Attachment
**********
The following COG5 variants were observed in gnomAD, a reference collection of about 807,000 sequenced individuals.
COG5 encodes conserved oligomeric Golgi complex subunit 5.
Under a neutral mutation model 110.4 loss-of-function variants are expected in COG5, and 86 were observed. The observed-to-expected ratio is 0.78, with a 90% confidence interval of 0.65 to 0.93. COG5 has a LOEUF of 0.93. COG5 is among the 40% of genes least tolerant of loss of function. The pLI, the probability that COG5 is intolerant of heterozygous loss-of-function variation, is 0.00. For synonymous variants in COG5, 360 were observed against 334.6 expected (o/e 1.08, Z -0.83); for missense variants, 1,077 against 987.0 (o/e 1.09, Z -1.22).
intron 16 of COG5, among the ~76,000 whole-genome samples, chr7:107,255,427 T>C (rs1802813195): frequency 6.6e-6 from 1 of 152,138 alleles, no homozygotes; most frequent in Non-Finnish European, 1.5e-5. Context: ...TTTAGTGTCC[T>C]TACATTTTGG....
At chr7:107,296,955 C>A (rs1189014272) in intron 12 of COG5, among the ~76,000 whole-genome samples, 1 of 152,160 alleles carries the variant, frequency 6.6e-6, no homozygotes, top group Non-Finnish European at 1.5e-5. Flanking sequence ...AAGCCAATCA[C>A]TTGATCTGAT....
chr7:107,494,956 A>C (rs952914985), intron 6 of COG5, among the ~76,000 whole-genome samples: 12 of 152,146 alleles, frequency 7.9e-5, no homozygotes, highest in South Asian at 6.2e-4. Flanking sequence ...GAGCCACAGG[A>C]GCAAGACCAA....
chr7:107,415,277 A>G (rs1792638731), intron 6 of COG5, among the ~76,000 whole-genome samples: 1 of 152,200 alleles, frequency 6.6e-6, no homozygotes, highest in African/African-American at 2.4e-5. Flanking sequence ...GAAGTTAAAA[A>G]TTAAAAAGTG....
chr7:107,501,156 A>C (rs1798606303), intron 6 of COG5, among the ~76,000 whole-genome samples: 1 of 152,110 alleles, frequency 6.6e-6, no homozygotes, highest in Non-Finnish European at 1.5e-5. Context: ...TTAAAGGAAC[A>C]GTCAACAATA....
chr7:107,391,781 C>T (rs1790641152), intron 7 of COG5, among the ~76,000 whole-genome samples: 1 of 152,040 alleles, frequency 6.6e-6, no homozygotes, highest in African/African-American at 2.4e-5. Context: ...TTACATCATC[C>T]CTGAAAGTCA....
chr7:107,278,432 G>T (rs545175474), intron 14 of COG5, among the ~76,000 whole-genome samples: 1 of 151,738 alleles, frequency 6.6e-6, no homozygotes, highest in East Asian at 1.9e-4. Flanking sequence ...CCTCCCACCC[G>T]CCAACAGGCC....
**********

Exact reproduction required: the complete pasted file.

The following COG5 variants were observed in gnomAD, a reference collection of about 807,000 sequenced individuals.
COG5 encodes conserved oligomeric Golgi complex subunit 5.
Under a neutral mutation model 110.4 loss-of-function variants are expected in COG5, and 86 were observed. The observed-to-expected ratio is 0.78, with a 90% confidence interval of 0.65 to 0.93. COG5 has a LOEUF of 0.93. COG5 is among the 40% of genes least tolerant of loss of function. The pLI, the probability that COG5 is intolerant of heterozygous loss-of-function variation, is 0.00. For synonymous variants in COG5, 360 were observed against 334.6 expected (o/e 1.08, Z -0.83); for missense variants, 1,077 against 987.0 (o/e 1.09, Z -1.22).
intron 16 of COG5, among the ~76,000 whole-genome samples, chr7:107,255,427 T>C (rs1802813195): frequency 6.6e-6 from 1 of 152,138 alleles, no homozygotes; most frequent in Non-Finnish European, 1.5e-5. Context: ...TTTAGTGTCC[T>C]TACATTTTGG....
At chr7:107,296,955 C>A (rs1189014272) in intron 12 of COG5, among the ~76,000 whole-genome samples, 1 of 152,160 alleles carries the variant, frequency 6.6e-6, no homozygotes, top group Non-Finnish European at 1.5e-5. Flanking sequence ...AAGCCAATCA[C>A]TTGATCTGAT....
chr7:107,494,956 A>C (rs952914985), intron 6 of COG5, among the ~76,000 whole-genome samples: 12 of 152,146 alleles, frequency 7.9e-5, no homozygotes, highest in South Asian at 6.2e-4. Flanking sequence ...GAGCCACAGG[A>C]GCAAGACCAA....
chr7:107,415,277 A>G (rs1792638731), intron 6 of COG5, among the ~76,000 whole-genome samples: 1 of 152,200 alleles, frequency 6.6e-6, no homozygotes, highest in African/African-American at 2.4e-5. Flanking sequence ...GAAGTTAAAA[A>G]TTAAAAAGTG....
chr7:107,501,156 A>C (rs1798606303), intron 6 of COG5, among the ~76,000 whole-genome samples: 1 of 152,110 alleles, frequency 6.6e-6, no homozygotes, highest in Non-Finnish European at 1.5e-5. Context: ...TTAAAGGAAC[A>C]GTCAACAATA....
chr7:107,391,781 C>T (rs1790641152), intron 7 of COG5, among the ~76,000 whole-genome samples: 1 of 152,040 alleles, frequency 6.6e-6, no homozygotes, highest in African/African-American at 2.4e-5. Context: ...TTACATCATC[C>T]CTGAAAGTCA....
chr7:107,278,432 G>T (rs545175474), intron 14 of COG5, among the ~76,000 whole-genome samples: 1 of 151,738 alleles, frequency 6.6e-6, no homozygotes, highest in East Asian at 1.9e-4. Flanking sequence ...CCTCCCACCC[G>T]CCAACAGGCC....